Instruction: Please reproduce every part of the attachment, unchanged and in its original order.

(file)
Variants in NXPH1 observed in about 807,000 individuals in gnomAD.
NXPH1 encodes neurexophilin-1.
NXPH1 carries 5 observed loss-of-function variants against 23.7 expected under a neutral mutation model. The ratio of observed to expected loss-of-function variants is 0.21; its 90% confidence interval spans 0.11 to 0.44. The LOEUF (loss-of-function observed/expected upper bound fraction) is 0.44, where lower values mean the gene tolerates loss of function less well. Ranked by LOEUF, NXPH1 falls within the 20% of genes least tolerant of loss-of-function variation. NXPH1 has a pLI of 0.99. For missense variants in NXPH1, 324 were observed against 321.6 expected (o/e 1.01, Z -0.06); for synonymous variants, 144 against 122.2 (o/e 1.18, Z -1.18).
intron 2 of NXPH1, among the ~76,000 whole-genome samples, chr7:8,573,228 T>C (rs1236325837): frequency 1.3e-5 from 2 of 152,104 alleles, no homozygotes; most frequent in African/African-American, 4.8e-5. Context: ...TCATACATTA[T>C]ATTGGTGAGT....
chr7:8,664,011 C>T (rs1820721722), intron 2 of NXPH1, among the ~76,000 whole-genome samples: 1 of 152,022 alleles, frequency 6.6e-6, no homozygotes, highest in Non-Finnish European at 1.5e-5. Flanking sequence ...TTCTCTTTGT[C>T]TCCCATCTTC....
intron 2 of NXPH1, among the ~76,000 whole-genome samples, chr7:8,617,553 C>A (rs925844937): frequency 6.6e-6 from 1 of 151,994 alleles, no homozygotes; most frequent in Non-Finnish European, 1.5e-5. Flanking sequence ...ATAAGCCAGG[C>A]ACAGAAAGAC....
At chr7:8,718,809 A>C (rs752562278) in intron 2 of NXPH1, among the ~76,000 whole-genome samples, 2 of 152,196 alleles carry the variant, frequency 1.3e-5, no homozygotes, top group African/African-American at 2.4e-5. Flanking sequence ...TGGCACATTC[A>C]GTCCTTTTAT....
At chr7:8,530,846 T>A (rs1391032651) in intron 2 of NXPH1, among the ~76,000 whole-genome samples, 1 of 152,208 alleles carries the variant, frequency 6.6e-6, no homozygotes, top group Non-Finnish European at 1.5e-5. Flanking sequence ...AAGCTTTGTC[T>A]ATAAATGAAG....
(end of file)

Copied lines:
Variants in NXPH1 observed in about 807,000 individuals in gnomAD.
NXPH1 encodes neurexophilin-1.
NXPH1 carries 5 observed loss-of-function variants against 23.7 expected under a neutral mutation model. The ratio of observed to expected loss-of-function variants is 0.21; its 90% confidence interval spans 0.11 to 0.44. The LOEUF (loss-of-function observed/expected upper bound fraction) is 0.44, where lower values mean the gene tolerates loss of function less well. Ranked by LOEUF, NXPH1 falls within the 20% of genes least tolerant of loss-of-function variation. NXPH1 has a pLI of 0.99. For missense variants in NXPH1, 324 were observed against 321.6 expected (o/e 1.01, Z -0.06); for synonymous variants, 144 against 122.2 (o/e 1.18, Z -1.18).
intron 2 of NXPH1, among the ~76,000 whole-genome samples, chr7:8,573,228 T>C (rs1236325837): frequency 1.3e-5 from 2 of 152,104 alleles, no homozygotes; most frequent in African/African-American, 4.8e-5. Context: ...TCATACATTA[T>C]ATTGGTGAGT....
chr7:8,664,011 C>T (rs1820721722), intron 2 of NXPH1, among the ~76,000 whole-genome samples: 1 of 152,022 alleles, frequency 6.6e-6, no homozygotes, highest in Non-Finnish European at 1.5e-5. Flanking sequence ...TTCTCTTTGT[C>T]TCCCATCTTC....
intron 2 of NXPH1, among the ~76,000 whole-genome samples, chr7:8,617,553 C>A (rs925844937): frequency 6.6e-6 from 1 of 151,994 alleles, no homozygotes; most frequent in Non-Finnish European, 1.5e-5. Flanking sequence ...ATAAGCCAGG[C>A]ACAGAAAGAC....
At chr7:8,718,809 A>C (rs752562278) in intron 2 of NXPH1, among the ~76,000 whole-genome samples, 2 of 152,196 alleles carry the variant, frequency 1.3e-5, no homozygotes, top group African/African-American at 2.4e-5. Flanking sequence ...TGGCACATTC[A>C]GTCCTTTTAT....
At chr7:8,530,846 T>A (rs1391032651) in intron 2 of NXPH1, among the ~76,000 whole-genome samples, 1 of 152,208 alleles carries the variant, frequency 6.6e-6, no homozygotes, top group Non-Finnish European at 1.5e-5. Flanking sequence ...AAGCTTTGTC[T>A]ATAAATGAAG....